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The 7th album by Faroese metal group TYR moves a long way from the previous CD's theme of tyranny and the Arab Spring (`The Lay of Thrym'), to focus on relations between men and women and the strange things that these drive men to do. The main thread running through it is the story of a Viking who leaves his real-life sweetheart to seek death in battle so that a Valkyrie can carry him to Valhalla. The theme of escaping the frustrations of life through death is a sombre one, though not uncommon in TYR's work. Here it is made darker by the fact that the Viking's abandoned wife revisits him as a fellating demon (inspiring TYR's first sexually explicit lyric in `Mare of My Nights'), and we are not totally sure if his ambitions for Valhalla are fulfilled. However the hopes surrounding his death make for some fine and moving music especially in `Another Fallen Brother', `Into the Sky', and `Fánar Burtur Brandarljóð' (`the sound of swords fades', one of the CD's two non-English tracks). Online reviews of the music so far have ranged from good to ecstatic. True, the general plan of the CD is strongly reminiscent of the last one; the melodic material is not all that varied, though helped by picking up some ideas from Heri Joensen's Faroese album `Heljareyga'; and some tracks are on the weak side to stand alone. But there are wonderful things here too, including a first-ever duet by Heri with guest singer Liv Kristine Espenæs Krull (`Lay of our Love') that tingles the spine. A secondary theme is Faroese nationalism, as reflected also in the anthem-like rendering of `Grindavísan' which celebrates the hand-to-hand cull of pilot whales. Above all, the musicianship is faultless and Heri Joensen's voice ranges as needed from the gruff and scratchy to the almost operatic. Somehow, a larger and more cosmic space seems to have been opened up here for the music to fill - perhaps imaging the Viking's predicament between earth and heaven - and TYR have been given room to stretch themselves, also in the two bonus tribute numbers. George Kollias, taking over on drums from Kari Streymoy who has left the group because of back problems, brings no drop in quality. In short: a must for fans, and an excellent place for new listeners to start.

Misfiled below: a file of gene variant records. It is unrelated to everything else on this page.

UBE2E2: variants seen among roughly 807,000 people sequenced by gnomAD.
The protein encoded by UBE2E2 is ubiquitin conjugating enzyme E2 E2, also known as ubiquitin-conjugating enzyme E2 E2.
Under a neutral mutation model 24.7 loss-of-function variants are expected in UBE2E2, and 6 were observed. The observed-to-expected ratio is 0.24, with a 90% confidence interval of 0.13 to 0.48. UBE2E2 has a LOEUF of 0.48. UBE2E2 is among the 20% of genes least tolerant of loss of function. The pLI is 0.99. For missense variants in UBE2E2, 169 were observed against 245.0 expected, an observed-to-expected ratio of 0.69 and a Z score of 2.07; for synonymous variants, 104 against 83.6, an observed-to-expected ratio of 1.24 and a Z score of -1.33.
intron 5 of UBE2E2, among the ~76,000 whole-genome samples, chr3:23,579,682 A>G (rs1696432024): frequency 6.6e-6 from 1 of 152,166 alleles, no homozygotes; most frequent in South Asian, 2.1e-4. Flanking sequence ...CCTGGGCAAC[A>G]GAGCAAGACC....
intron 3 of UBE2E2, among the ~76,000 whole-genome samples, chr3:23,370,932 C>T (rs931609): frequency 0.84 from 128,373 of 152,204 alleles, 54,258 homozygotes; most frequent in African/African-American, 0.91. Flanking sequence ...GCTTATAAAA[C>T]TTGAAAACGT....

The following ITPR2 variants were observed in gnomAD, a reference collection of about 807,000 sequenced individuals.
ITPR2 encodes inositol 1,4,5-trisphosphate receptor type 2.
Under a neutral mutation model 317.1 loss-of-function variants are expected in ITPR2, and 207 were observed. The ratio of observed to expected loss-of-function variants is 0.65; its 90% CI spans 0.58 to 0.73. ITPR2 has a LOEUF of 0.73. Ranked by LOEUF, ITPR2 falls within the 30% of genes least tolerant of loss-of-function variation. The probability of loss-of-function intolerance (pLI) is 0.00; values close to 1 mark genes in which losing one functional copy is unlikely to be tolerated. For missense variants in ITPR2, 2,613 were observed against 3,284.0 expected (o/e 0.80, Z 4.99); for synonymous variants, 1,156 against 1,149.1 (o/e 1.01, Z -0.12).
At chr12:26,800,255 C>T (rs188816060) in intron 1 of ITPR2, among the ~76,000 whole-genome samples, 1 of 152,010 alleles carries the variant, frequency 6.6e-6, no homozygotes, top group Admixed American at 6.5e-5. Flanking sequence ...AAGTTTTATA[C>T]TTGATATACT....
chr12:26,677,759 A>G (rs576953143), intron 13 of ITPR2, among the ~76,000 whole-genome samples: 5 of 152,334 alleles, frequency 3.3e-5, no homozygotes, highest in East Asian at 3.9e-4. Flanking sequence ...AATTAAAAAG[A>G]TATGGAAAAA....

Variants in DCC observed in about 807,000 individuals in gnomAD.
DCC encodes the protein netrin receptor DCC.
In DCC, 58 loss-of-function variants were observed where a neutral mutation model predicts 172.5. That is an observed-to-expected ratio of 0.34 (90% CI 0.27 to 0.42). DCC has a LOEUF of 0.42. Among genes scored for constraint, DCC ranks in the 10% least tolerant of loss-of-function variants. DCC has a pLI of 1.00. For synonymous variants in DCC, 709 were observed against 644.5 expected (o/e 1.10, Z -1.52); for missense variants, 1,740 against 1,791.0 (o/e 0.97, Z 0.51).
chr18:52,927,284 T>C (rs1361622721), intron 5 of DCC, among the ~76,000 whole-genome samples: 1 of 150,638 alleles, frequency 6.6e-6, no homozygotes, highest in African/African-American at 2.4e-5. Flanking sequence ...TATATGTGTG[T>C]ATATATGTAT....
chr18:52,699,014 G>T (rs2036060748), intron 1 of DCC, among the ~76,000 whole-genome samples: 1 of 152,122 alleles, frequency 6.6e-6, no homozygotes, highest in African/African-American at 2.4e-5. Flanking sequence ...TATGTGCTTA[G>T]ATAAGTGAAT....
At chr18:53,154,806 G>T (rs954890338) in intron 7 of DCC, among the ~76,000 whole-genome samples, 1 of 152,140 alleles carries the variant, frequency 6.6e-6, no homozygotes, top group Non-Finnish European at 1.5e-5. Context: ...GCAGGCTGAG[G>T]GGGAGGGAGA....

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I’m not very familiar with Týr, having only previously heard ‘By the Light of the Northern Star’; but that’s an album I love. There’s plenty of catchy tracks on here, but there’s something about it which doesn’t quite blow me away. It’s still got the chuggy rhythm guitars and really melodic leads. There’s a bit of variety with the song style with covers of Iron Maiden’s “Where Eagles Dare” and Pantera’s “Cemetery Gates”. There’s a ballad with Liv Kristine (“The Lay of Our Love”) which is surprisingly boring. It’s a long album too, just short of an hour long.